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Malnutrition - Can it be combated?

By Janavi Gupta


Malnutrition is a condition that results from the absence of essential nutrients in one’s diet. It is one of the biggest problems faced by people in a large part of the world including India. The most prominent causes of malnutrition are either lack of affordability or lack of knowledge about food rich in nutritional content. This leads to various vitamin and mineral deficiency diseases. Marasmus and Kwashiorkor, which are most prevalent among growing children below the age of 5, ultimately lead to their early death. Likewise, lack of nutrition in pregnant women causes a decrease in immunity and higher risks of poor pregnancy outcomes. According to FAO estimates, nearly 200 million (15%) people are undernourished in India. Also, 51.4% of women in reproductive age are anaemic.

Malnutrition has negative impacts across multiple dimensions. These include an underdeveloped immune system as well as physical and mental underdevelopment. It results not only in physical unhealthiness all through an individual’s life but also inadequate job opportunities which have a great impact on both the individual and their family. Malnourished children are usually born in families where the parents are malnourished. Hence, it is a cycle unless there is some sort of an intervention to break the chain.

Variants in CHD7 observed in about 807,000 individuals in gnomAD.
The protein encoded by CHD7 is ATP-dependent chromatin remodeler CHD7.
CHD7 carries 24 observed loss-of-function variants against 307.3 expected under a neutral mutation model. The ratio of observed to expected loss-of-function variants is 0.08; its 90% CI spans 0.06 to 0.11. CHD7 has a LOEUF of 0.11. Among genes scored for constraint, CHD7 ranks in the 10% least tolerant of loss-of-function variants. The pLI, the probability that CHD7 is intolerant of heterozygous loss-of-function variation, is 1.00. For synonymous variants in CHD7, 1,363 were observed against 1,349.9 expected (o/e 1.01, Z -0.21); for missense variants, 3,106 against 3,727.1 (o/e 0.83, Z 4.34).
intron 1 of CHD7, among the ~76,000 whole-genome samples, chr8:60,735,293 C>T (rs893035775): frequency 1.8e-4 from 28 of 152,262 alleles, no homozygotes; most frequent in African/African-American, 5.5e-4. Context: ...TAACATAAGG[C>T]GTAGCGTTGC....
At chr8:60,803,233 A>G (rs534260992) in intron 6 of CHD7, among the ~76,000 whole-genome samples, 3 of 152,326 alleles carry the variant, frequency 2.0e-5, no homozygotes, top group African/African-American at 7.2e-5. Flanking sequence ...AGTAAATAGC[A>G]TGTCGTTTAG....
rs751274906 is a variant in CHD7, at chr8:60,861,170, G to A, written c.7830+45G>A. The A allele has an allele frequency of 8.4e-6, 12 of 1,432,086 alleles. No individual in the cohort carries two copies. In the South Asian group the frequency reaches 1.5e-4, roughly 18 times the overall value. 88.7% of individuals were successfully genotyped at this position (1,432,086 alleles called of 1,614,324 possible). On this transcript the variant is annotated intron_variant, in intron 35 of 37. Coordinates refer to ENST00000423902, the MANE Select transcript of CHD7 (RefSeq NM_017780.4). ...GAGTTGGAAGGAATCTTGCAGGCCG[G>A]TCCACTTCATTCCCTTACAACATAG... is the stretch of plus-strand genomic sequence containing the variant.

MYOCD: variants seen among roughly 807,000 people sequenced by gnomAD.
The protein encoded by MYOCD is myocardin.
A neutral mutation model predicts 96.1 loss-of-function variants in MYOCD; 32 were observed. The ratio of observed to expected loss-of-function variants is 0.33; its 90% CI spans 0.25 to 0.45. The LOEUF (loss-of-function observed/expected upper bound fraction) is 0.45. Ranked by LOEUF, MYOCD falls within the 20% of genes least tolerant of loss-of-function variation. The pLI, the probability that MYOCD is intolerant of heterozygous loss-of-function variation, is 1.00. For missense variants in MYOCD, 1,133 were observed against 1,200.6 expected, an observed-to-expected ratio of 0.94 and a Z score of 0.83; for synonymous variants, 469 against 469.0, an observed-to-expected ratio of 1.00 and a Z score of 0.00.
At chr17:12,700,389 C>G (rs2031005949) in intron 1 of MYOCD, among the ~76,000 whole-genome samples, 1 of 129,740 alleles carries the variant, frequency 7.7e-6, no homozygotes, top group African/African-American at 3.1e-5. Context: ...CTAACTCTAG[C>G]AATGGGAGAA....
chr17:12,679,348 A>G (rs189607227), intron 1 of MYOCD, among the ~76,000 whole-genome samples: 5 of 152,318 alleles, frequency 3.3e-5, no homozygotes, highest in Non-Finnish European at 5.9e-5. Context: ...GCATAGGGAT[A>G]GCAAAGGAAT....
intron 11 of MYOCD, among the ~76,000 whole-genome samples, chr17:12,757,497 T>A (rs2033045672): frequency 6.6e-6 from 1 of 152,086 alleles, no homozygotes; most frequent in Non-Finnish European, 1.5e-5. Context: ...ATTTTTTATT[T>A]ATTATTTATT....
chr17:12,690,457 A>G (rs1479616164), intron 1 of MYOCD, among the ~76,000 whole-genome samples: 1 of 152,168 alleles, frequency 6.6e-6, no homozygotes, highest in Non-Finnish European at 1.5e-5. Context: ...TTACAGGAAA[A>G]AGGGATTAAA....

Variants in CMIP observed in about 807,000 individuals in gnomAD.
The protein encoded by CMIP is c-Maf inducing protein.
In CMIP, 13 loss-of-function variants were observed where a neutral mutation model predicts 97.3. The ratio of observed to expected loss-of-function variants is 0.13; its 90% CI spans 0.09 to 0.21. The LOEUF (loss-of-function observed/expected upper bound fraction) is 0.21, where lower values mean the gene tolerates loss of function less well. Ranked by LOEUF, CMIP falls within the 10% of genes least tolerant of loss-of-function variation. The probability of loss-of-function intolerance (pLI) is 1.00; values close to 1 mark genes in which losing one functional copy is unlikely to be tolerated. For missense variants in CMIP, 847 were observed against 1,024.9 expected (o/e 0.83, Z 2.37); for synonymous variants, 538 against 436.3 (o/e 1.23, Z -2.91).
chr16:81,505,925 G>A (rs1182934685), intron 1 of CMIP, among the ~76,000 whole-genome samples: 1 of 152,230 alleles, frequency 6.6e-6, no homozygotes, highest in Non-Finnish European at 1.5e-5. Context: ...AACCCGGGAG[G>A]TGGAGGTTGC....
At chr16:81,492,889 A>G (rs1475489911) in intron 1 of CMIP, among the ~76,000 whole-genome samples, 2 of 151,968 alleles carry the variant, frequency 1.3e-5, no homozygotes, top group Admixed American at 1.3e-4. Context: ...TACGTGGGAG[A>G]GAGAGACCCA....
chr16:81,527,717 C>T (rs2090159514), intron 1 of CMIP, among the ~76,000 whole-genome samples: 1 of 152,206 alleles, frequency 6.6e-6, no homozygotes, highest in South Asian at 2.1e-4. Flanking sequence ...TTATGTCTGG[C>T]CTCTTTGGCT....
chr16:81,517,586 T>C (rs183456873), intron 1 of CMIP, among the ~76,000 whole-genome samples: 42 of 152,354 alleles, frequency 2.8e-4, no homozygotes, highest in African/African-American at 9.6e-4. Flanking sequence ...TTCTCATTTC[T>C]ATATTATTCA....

The chief causes of malnutrition are education and poverty. Malnourished children are more likely to be born to mothers with insufficient knowledge or nutritious food or in families unable to provide their children with basic food requirements. The Government of India has implemented several schemes to combat malnutrition in children and women. These include the Nutritious Meal Program, Kishori Shakti Yojna, National Nutritional Anaemia Prophylaxis Program etc. However, there are various shortcomings in these schemes which include inaccessibility due to India being such a large country, poor quality of the food provided and hygiene issues.

It is critical to eradicate malnutrition to improve the human development index. Malnutrition can be combated not only by bringing changes to the various existing schemes but also through new interventions using STEM. In order to combat malnutrition, it has to be addressed in two different ways, namely prevention and detection.

The prevention intervention is aimed at preventing people from getting malnourished and staying healthy into adulthood. The other intervention is to detect people suffering from malnutrition and bring them out of malnutrition. These interventions can be very low-cost and yet highly effective. The solutions can range from creating basic awareness to leveraging technology to create scalable solutions.


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